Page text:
Showing posts with label Teaching Violin. Show all posts
Showing posts with label Teaching Violin. Show all posts

Saturday, July 15, 2017

How to Play VIOLIN Artificial Harmonics

English: Nut of a violin Deutsch: Sattel einer...
(Photo credit: Wikipedia)
Violin artificial harmonics are an advanced technique that should be practiced primarily by violinists who are already comfortable on the instrument. If you want to learn violin artificial harmonics, just keep this in mind and be ready for a decent amount of frustration as they can be very difficult, especially if you have only just started mastering the basics! That said, here are the steps you need to take to play them.

For a violin artificial harmonic, you are going to play a note with your first and fourth finger. Your first finger will be the base and will hold the string down. Your fourth finger will be the harmonic finger and will lightly press the string in order to produce the harmonic note you desire. Combining these two will create a new harmonic on a string that didn't previously exist. Sound complex? It is challenging, but practicing it will make it easier and easier.

Harmonics happen at points of perfect intervals. So when we play a violin artificial harmonic, you are going to target the only perfect interval you can really play with the first and fourth finger: a perfect fourth. The distance between them should remain exactly 3 steps.

So start by placing your first finger in first position on D string and playing an E. Then place your fourth finger down in a harmonic position for an A, right where the A string is. You can play an open A to test the note. This creates a violin artificial harmonic where the fourth finger is. You will notice an entirely new harmonic has formed where originally the harmonic would have been at a different position.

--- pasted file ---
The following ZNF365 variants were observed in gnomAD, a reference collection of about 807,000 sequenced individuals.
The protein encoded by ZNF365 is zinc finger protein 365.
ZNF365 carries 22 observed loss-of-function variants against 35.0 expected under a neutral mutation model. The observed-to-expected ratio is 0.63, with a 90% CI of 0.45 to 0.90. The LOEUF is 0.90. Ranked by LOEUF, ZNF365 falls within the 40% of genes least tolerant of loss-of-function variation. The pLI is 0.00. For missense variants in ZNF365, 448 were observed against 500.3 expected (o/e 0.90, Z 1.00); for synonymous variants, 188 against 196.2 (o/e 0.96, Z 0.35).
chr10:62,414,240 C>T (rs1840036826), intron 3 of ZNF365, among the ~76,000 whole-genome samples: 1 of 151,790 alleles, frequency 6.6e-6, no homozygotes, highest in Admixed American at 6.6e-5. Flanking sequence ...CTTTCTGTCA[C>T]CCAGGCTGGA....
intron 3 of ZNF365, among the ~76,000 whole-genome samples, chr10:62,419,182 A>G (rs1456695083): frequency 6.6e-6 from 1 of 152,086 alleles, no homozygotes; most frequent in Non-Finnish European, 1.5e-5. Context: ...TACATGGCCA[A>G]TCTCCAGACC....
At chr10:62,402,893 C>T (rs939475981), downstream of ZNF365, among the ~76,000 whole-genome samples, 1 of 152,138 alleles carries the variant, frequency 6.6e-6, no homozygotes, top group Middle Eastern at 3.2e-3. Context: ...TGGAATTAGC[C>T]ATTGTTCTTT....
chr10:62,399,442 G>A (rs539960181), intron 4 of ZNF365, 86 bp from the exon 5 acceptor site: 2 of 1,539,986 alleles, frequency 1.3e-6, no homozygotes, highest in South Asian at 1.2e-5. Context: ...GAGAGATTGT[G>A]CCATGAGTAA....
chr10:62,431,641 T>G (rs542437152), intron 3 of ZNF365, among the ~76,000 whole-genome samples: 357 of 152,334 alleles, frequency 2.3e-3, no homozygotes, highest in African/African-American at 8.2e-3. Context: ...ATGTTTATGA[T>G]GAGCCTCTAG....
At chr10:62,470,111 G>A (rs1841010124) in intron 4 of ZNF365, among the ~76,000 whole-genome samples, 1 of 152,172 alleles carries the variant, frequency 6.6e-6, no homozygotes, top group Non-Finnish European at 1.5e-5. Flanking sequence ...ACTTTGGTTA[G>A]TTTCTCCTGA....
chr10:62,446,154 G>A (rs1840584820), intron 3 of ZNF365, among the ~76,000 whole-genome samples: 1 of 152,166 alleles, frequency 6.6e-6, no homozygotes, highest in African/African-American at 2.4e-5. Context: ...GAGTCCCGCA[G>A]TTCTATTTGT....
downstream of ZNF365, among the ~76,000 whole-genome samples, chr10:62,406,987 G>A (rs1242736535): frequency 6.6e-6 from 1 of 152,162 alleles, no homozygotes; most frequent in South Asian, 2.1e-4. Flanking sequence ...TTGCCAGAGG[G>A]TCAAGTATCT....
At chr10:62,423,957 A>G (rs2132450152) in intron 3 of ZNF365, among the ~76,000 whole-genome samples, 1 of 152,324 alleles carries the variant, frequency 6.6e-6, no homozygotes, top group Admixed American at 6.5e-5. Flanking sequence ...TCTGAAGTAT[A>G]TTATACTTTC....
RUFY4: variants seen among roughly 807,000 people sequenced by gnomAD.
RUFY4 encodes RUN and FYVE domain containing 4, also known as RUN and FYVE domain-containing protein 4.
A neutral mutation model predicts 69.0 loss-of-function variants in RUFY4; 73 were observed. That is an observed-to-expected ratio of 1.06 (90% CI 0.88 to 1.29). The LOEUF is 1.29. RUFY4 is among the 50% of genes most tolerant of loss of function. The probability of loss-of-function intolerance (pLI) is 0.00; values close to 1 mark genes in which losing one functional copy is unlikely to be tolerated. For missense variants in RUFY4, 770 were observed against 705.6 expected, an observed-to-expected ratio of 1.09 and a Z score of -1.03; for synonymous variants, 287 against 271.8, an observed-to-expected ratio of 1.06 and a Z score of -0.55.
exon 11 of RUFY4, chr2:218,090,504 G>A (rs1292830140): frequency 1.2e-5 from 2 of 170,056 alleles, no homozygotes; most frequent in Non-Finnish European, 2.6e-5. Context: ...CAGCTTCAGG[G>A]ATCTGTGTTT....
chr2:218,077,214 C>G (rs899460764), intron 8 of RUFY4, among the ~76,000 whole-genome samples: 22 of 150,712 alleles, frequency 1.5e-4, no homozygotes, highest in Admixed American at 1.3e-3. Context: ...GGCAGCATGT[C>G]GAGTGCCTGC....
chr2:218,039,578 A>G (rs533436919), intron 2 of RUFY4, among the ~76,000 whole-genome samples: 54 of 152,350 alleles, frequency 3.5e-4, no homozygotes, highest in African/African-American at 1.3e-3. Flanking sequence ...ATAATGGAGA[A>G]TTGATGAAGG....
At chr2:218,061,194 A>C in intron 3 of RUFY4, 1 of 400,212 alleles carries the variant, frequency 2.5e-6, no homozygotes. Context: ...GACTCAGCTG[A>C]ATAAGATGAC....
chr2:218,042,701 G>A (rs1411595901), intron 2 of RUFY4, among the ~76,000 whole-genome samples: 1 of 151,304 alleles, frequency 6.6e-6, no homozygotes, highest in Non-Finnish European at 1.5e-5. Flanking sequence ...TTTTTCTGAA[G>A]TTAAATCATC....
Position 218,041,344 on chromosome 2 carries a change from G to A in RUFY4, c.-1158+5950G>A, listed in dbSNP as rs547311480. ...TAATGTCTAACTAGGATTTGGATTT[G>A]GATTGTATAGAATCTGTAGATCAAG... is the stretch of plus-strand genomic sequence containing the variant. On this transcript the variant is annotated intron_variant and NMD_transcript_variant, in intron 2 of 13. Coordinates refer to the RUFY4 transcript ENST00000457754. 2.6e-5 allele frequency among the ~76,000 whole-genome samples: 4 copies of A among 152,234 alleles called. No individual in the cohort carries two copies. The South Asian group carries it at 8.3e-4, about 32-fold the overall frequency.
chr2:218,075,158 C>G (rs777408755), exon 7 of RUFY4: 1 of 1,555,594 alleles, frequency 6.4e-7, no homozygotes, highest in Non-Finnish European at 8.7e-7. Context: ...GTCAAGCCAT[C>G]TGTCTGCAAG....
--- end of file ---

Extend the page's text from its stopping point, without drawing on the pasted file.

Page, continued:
You can shift this violin artificial harmonic position up as well to test new harmonic sounds and see what results. This creates more new harmonic sounds where previously there were only a select handful. What you are doing is simply tricking the string into thinking it is a different note by playing the first finger, then relying on the fourth finger to find the new harmonic note that has been formed from the artificial harmonic therein. It is a very tricky technique, but one that gets easier with practice.



Overall if you are truly serious about learning violin artificial harmonics or any other violin techniques, you need to get yourself a good teacher. Having a good teacher makes a tremendous difference in violin playing ability, so don't ever underestimate this!

    Eric Conklin is a violinist and a blogger who specializes in helping new musicians find lessons that help them grow quickly and efficiently.

    Article Directory: EzineArticles


Wednesday, November 23, 2016

How Can You Tell If a VIOLIN TEACHER is Good?

English: Susanne Hou performing the Mendelssoh...
Susanne Hou performing the Mendelssohn violin concerto with the Okanagan Symphony Orchestra in Vernon, BC, Canada.